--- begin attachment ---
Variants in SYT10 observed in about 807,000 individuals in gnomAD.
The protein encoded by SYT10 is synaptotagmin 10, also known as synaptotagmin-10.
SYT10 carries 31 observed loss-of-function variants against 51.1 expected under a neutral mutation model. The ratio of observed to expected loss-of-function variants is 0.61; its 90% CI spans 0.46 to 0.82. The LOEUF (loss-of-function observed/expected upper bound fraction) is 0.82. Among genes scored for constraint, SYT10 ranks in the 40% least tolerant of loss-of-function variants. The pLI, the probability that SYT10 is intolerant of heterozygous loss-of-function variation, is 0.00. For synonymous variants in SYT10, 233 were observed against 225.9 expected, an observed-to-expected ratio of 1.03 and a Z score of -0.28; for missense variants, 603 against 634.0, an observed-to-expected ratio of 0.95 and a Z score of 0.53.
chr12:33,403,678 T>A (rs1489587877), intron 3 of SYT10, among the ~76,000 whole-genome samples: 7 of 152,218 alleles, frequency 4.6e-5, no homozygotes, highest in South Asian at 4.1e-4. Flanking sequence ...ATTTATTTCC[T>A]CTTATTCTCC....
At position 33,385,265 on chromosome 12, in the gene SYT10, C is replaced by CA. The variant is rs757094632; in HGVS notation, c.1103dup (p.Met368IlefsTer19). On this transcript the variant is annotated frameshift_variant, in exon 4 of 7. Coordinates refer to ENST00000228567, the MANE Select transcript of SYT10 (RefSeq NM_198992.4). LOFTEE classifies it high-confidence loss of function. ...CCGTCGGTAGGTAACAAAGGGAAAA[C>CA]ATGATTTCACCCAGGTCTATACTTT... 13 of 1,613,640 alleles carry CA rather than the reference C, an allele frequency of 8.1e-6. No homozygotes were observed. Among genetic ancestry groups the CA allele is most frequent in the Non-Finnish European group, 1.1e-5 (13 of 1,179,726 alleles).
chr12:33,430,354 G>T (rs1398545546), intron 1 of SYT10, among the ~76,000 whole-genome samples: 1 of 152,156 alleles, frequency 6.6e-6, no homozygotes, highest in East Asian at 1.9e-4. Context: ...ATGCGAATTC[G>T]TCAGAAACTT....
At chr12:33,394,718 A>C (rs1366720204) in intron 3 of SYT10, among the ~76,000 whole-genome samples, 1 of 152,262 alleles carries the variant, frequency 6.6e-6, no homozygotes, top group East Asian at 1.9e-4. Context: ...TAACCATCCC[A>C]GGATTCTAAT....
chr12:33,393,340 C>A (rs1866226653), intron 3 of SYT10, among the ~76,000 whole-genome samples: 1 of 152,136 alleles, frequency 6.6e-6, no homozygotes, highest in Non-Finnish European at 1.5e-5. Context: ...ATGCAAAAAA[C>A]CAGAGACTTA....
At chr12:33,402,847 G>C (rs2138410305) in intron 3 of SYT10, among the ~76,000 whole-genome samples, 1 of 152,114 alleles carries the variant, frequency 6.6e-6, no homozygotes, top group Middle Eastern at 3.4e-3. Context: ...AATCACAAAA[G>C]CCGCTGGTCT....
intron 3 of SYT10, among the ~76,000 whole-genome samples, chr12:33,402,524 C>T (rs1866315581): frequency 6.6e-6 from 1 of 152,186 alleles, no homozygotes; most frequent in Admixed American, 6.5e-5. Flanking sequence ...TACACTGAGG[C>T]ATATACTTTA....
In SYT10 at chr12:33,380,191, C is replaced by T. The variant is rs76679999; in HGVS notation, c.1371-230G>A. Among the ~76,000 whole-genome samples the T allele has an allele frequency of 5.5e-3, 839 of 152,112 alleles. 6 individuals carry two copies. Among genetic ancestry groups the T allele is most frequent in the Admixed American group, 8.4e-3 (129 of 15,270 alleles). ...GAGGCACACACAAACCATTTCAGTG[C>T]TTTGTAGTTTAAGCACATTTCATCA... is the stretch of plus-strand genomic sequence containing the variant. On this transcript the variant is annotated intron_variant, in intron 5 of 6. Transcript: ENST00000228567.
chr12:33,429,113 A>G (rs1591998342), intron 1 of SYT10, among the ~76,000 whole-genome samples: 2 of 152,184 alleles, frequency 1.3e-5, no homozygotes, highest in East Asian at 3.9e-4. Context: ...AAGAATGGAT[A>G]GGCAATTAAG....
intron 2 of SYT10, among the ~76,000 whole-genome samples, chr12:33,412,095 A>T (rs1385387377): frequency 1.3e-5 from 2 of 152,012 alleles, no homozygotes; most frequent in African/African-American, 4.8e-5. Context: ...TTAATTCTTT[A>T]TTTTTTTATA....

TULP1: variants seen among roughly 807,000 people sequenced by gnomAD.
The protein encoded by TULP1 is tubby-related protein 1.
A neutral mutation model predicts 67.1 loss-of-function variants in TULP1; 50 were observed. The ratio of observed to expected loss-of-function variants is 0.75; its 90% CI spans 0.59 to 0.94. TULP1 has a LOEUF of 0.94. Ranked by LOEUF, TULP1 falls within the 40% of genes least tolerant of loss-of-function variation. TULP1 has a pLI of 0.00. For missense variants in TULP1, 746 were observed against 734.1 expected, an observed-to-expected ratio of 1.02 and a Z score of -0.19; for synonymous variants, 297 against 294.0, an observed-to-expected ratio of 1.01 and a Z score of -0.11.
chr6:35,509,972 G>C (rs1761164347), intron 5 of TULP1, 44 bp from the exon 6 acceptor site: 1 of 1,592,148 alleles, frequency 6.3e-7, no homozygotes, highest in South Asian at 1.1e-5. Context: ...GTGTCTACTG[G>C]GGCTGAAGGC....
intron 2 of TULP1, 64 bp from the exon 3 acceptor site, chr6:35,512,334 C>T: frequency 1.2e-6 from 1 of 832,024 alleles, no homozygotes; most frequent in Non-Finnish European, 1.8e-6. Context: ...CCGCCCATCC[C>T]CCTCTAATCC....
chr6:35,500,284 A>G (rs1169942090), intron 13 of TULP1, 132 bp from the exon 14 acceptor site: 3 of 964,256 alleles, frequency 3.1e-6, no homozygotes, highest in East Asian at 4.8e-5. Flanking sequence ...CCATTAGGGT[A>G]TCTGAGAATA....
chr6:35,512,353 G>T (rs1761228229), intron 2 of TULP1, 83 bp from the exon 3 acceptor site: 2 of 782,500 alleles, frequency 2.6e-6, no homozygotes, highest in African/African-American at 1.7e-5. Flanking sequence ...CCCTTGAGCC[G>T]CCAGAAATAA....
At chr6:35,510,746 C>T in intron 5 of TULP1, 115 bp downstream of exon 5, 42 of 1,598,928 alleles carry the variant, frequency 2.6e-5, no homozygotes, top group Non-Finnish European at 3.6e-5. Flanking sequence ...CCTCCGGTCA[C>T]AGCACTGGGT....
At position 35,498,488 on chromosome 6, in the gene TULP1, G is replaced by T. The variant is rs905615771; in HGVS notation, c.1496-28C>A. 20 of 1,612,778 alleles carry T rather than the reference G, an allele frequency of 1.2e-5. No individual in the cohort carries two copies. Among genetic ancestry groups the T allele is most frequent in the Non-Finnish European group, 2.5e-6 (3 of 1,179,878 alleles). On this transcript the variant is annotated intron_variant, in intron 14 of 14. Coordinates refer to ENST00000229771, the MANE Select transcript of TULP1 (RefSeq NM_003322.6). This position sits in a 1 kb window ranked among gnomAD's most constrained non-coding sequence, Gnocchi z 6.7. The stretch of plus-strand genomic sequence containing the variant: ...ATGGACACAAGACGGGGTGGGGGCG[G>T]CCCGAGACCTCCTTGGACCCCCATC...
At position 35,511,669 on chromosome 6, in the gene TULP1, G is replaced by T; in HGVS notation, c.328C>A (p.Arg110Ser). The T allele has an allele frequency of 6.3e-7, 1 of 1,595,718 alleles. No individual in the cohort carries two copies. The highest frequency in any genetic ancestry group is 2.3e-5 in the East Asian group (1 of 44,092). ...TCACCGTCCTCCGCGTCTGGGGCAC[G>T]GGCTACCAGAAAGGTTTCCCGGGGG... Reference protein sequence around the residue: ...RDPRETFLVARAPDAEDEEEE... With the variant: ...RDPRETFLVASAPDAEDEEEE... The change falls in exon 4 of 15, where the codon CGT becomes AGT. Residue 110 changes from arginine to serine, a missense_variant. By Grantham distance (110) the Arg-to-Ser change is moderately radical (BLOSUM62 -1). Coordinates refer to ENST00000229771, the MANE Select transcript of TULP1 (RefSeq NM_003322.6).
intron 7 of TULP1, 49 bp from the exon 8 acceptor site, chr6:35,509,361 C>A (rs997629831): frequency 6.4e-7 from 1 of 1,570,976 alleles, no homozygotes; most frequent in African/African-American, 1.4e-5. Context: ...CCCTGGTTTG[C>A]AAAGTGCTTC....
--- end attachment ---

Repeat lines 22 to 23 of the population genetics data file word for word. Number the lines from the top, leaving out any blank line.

At position 35,498,488 on chromosome 6, in the gene TULP1, G is replaced by T. The variant is rs905615771; in HGVS notation, c.1496-28C>A. 20 of 1,612,778 alleles carry T rather than the reference G, an allele frequency of 1.2e-5. No individual in the cohort carries two copies. Among genetic ancestry groups the T allele is most frequent in the Non-Finnish European group, 2.5e-6 (3 of 1,179,878 alleles). On this transcript the variant is annotated intron_variant, in intron 14 of 14. Coordinates refer to ENST00000229771, the MANE Select transcript of TULP1 (RefSeq NM_003322.6). This position sits in a 1 kb window ranked among gnomAD's most constrained non-coding sequence, Gnocchi z 6.7. The stretch of plus-strand genomic sequence containing the variant: ...ATGGACACAAGACGGGGTGGGGGCG[G>T]CCCGAGACCTCCTTGGACCCCCATC...
At position 35,511,669 on chromosome 6, in the gene TULP1, G is replaced by T; in HGVS notation, c.328C>A (p.Arg110Ser). The T allele has an allele frequency of 6.3e-7, 1 of 1,595,718 alleles. No individual in the cohort carries two copies. The highest frequency in any genetic ancestry group is 2.3e-5 in the East Asian group (1 of 44,092). ...TCACCGTCCTCCGCGTCTGGGGCAC[G>T]GGCTACCAGAAAGGTTTCCCGGGGG... Reference protein sequence around the residue: ...RDPRETFLVARAPDAEDEEEE... With the variant: ...RDPRETFLVASAPDAEDEEEE... The change falls in exon 4 of 15, where the codon CGT becomes AGT. Residue 110 changes from arginine to serine, a missense_variant. By Grantham distance (110) the Arg-to-Ser change is moderately radical (BLOSUM62 -1). Coordinates refer to ENST00000229771, the MANE Select transcript of TULP1 (RefSeq NM_003322.6).